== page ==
• research findings relevant to the outbreak are shared immediately with the WHO upon journal submission, by the journal and with author knowledge

• research findings are made available via preprint servers before journal publication, or via platforms that make papers openly accessible before peer review, with clear statements regarding the availability of underlying data

• researchers share interim and final research data relating to the outbreak, together with protocols and standards used to collect the data, as rapidly and widely as possible - including with public health and research communities and the WHO

• authors are clear that data or preprints shared ahead of submission will not pre-empt its publication in these journals

We intend to apply the principles of this statement to similar outbreaks in the future where there is a significant public health benefit to ensuring data is shared widely and rapidly.

We urge others to make the same commitments. If your organisation is committed to supporting these principles, please contact us (d.carr@wellcome.ac.uk) and we will add your organisation to the list of signatories

SIGNATORIES

Academy of Medical Sciences, UK

African Academy of Sciences

Assistant Secretary for Preparedness and Response / Biodefense Advanced Research and Development Authority, USA

Austrian Science Fund (FWF)

Bernhard Nocht Institute for Tropical Medicine (BNITM)

Bill & Melinda Gates Foundation

BioRxiv

Biotechnology and Biological Sciences Research Council (BBSRC), UK

Bulletin of the World Health Organization

The British Medical Journal (BMJ)

Calouste Gulbenkian Foundation – Gulbenkian Science Institute

Canadian Institutes of Health Research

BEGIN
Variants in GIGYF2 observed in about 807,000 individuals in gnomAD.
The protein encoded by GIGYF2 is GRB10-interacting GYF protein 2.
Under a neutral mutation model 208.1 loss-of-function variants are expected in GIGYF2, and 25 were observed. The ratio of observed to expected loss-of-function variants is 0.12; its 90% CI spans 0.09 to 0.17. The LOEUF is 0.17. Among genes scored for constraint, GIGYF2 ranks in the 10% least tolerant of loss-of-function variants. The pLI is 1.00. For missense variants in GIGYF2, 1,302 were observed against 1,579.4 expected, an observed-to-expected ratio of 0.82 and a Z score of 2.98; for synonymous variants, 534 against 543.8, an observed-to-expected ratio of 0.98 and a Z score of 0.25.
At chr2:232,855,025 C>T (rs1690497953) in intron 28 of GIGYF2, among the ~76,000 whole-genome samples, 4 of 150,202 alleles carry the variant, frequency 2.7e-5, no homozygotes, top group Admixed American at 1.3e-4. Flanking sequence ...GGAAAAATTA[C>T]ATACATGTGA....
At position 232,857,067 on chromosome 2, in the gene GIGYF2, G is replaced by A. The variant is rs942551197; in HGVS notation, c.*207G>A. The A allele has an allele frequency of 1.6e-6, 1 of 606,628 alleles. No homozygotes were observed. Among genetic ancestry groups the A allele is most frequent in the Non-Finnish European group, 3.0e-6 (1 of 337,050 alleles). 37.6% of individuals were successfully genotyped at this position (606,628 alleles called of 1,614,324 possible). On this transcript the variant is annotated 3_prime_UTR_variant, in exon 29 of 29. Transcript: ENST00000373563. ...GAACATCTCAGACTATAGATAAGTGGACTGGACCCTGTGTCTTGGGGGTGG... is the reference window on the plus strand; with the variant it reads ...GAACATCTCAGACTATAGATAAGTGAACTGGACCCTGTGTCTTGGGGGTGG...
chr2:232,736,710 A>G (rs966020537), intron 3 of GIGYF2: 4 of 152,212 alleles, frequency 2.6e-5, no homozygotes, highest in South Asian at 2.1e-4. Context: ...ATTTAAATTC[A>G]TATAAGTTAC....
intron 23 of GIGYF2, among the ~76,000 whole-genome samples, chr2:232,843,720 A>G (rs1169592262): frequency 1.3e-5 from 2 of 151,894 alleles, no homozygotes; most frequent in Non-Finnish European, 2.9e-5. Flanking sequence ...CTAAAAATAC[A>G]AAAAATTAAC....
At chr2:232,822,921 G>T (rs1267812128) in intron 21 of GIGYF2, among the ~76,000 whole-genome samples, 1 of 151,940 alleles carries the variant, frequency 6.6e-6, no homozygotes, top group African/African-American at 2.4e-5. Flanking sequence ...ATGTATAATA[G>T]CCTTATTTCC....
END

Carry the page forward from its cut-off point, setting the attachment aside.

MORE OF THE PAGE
Centers for Disease Prevention and Control (CDC), USA

Chinese Centre for Disease Control and Prevention

The Department for International Development (DFID)

DG Research & Innovation, European Commission

Dutch Research Council (NWO)

eLife

EcoHealth Alliance

EMBO

Epicentre – MSF

European Respiratory Journal

ERJ Open Research

F1000 Research Limited

Fondation Merieux

Food & Drug Administration, USA

French National Research Agency (ANR)

The Global Health Network

Global Virus Network

GLOPID-R

Inserm (Institut national de la santé et de la recherche médicale), France

The Institut Pasteur

International Severe Acute Respiratory and emerging Infection Consortium (ISARIC)

International Society for Infectious Diseases (ISID)

Japan Agency for Medical Research and Development (AMED)

Johnson & Johnson

The Lancet

Luxembourg National Research Fund (FNR)

Medical Research Council (UK)

Médecins Sans Frontières/Doctors Without Borders (MSF)

MedRxiv

Merck Research Laboratories

Microbide Limited

National Academy of Medicine, USA

National Institutes of Health (NIH), USA

National Institute for Infectious Diseases Lazzaro Spallanzani, Italy

New England Journal of Medicine

Office of Global Affairs, Department of Health and Human Services, USA

Portland Press

PLOS

The Research Council of Norway

The Royal Society

Science Europe

Science Foundation Ireland

ScienceOpen

South African Medical Research Council

Takeda

Taylor & Francis

ZonMW - The Netherlands Organisation for Health Research and Development